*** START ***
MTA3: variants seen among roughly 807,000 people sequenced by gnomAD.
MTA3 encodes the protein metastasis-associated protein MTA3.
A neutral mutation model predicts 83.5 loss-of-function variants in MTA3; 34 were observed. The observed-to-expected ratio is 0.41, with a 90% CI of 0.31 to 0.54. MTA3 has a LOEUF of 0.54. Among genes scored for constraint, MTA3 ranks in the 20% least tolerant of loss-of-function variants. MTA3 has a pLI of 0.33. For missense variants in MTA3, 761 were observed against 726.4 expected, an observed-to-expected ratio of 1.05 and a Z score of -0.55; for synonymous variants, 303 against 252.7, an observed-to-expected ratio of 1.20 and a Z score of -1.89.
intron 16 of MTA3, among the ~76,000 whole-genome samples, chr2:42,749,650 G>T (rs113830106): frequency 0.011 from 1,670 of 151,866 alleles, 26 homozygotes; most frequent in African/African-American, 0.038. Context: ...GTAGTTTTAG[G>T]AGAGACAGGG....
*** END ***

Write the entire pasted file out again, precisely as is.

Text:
MTA3: variants seen among roughly 807,000 people sequenced by gnomAD.
MTA3 encodes the protein metastasis-associated protein MTA3.
A neutral mutation model predicts 83.5 loss-of-function variants in MTA3; 34 were observed. The observed-to-expected ratio is 0.41, with a 90% CI of 0.31 to 0.54. MTA3 has a LOEUF of 0.54. Among genes scored for constraint, MTA3 ranks in the 20% least tolerant of loss-of-function variants. MTA3 has a pLI of 0.33. For missense variants in MTA3, 761 were observed against 726.4 expected, an observed-to-expected ratio of 1.05 and a Z score of -0.55; for synonymous variants, 303 against 252.7, an observed-to-expected ratio of 1.20 and a Z score of -1.89.
intron 16 of MTA3, among the ~76,000 whole-genome samples, chr2:42,749,650 G>T (rs113830106): frequency 0.011 from 1,670 of 151,866 alleles, 26 homozygotes; most frequent in African/African-American, 0.038. Context: ...GTAGTTTTAG[G>T]AGAGACAGGG....